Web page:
The European Union won the Nobel Peace Prize on Friday for its historic role in uniting the continent in an award meant as a morale boost for the bloc as it struggles to resolve its debt crisis.
The EU has been a key in transforming Europe "from a continent of wars to a continent of peace," Committee chairman Thorbjoern Jagland said in announcing the award in Oslo.
"This is a message to Europe to do everything they can to secure what they've achieved and move forward," said, saying it was a reminder of what would be lost "if the union is allowed to collapse".
He praised the 27-nation EU for rebuilding after World War Two and for its role in spreading stability after the 1989 fall of the Berlin Wall.
The European Union's top official Herman Van Rompuy said the awarding of the Nobel Peace Prize recognized the bloc's role as the 'biggest peacemaker in history'.
"We are all very proud that the efforts of the EU for keeping the peace in Europe are rewarded," he told reporters during a visit to Helsinki on Friday, just as the Norwegian Nobel Committee announced the award.
"Europe got through two civil wars in the 20th century and we have established peace thanks to the European Union. So the European Union is the biggest peacemaker in history," he said.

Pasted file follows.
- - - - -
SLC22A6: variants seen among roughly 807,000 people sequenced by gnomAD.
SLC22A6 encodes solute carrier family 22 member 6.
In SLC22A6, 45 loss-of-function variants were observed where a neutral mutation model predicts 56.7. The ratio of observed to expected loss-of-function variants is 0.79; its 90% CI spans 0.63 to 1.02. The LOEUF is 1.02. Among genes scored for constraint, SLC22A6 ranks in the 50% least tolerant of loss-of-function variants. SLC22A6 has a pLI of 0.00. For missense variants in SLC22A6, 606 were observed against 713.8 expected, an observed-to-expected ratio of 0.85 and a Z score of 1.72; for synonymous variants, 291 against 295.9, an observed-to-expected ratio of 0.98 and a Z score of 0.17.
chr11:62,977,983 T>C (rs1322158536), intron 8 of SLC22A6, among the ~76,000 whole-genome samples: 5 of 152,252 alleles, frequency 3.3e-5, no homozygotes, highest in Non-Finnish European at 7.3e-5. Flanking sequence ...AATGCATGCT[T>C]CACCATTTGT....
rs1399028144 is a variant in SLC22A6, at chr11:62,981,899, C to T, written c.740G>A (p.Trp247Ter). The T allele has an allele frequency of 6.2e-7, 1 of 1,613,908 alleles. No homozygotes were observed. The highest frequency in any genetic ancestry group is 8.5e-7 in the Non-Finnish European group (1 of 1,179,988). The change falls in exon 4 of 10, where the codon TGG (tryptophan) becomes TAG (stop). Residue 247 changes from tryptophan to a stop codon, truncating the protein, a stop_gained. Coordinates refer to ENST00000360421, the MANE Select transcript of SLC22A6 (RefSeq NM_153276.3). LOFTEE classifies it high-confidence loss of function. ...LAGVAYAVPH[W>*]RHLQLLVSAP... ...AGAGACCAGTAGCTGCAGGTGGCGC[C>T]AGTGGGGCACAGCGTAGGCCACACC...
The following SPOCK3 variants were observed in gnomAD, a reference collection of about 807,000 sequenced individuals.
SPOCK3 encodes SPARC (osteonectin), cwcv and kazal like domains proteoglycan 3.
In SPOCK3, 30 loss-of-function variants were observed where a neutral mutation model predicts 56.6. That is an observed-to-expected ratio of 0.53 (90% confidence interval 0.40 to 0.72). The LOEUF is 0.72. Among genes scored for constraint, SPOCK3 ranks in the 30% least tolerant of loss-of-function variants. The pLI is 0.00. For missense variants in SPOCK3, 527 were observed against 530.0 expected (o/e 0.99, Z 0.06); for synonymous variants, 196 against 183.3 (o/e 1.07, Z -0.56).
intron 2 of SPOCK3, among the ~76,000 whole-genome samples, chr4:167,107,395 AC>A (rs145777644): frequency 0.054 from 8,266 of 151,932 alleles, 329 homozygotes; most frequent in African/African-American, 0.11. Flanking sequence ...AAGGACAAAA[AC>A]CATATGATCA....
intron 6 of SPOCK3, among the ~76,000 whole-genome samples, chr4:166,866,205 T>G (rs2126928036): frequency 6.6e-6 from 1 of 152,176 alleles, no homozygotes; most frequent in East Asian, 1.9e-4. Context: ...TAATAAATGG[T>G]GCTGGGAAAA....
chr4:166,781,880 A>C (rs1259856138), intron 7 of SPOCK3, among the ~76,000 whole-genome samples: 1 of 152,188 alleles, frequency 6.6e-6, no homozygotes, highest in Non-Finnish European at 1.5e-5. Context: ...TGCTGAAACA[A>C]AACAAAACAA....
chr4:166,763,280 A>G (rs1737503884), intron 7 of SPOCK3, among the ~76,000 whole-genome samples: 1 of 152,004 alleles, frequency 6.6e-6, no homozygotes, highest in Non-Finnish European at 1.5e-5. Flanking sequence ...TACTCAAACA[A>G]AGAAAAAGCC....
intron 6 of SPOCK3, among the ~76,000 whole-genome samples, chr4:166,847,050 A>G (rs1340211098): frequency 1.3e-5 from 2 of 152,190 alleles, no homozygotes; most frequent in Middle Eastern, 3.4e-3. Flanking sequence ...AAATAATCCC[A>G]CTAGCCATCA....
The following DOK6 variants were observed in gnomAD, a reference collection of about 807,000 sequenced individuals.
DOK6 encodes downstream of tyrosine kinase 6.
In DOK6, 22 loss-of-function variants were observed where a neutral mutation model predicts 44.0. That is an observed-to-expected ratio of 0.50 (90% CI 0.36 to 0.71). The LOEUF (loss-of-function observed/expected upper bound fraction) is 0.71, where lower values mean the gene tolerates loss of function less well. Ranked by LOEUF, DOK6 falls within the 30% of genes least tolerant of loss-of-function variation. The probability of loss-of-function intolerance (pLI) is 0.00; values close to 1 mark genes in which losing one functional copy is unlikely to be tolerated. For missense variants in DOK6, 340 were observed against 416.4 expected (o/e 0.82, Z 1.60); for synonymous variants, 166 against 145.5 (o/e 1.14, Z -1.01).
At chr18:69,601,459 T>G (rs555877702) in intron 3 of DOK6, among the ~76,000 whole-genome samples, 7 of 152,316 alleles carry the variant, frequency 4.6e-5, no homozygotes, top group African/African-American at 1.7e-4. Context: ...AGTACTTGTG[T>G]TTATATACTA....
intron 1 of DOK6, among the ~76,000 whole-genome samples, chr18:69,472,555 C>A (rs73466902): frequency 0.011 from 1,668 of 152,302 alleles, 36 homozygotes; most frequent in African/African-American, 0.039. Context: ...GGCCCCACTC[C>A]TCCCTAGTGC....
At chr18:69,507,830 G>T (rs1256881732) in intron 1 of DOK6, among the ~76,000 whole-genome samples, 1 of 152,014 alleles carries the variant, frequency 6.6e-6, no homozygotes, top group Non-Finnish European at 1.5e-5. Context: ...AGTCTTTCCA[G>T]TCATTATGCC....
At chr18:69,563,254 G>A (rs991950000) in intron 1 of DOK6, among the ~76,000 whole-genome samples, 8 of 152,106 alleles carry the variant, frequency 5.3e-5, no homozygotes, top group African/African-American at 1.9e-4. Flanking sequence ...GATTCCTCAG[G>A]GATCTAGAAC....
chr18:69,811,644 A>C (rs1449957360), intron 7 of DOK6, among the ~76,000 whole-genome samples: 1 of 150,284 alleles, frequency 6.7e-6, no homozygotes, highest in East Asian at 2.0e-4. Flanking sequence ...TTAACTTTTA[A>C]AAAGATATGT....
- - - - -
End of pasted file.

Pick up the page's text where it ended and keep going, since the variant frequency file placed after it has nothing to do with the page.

The prize, worth $1.2 million, will be presented in Oslo on Dec. 10. The decision by the five-member panel, led by Jagland who is also Secretary-General of the Council of Europe, was unanimous.
Jagland announces award (Photo: AFP)
The EU won from a field of 231 candidates including Russian dissidents and religious leaders working for Muslim-Christian reconciliation.
But the EU is mired in crisis with strains on the euro, the common currency shared by 17 nations. The prize was a surprise given the EU's current woes.
And many Norwegians are bitterly opposed to the EU, seeing it as a threat to the sovereignty of nation states. "I find this absurd," the leader of Norway's anti-EU membership organization Heming Olaussen told NRK.
"In Latin America and other parts of the world they will view this quite differently than they will from Brussels. The union is a trade bloc that contributes to keeping many countries in poverty."
Norway, the home of the peace prize, has voted "no" twice to joining the EU, in 1972 and 1994. The country has prospered outside the EU, partly thanks to huge oil and gas resources.
The five-member committee is appointed by parliament, where parties are deeply split over EU membership. Jagland has long favored EU membership.
Janne Haaland Matlary, Professor of International Politics at the Oslo University, who has twice nominated the EU for the prize, praised the award.
"The European Union has been the most effective creator of peace in the world since its inception with the coal and steel union in the 1950s," she told Reuters. "Today it is unthinkable with military conflict between members in the EU."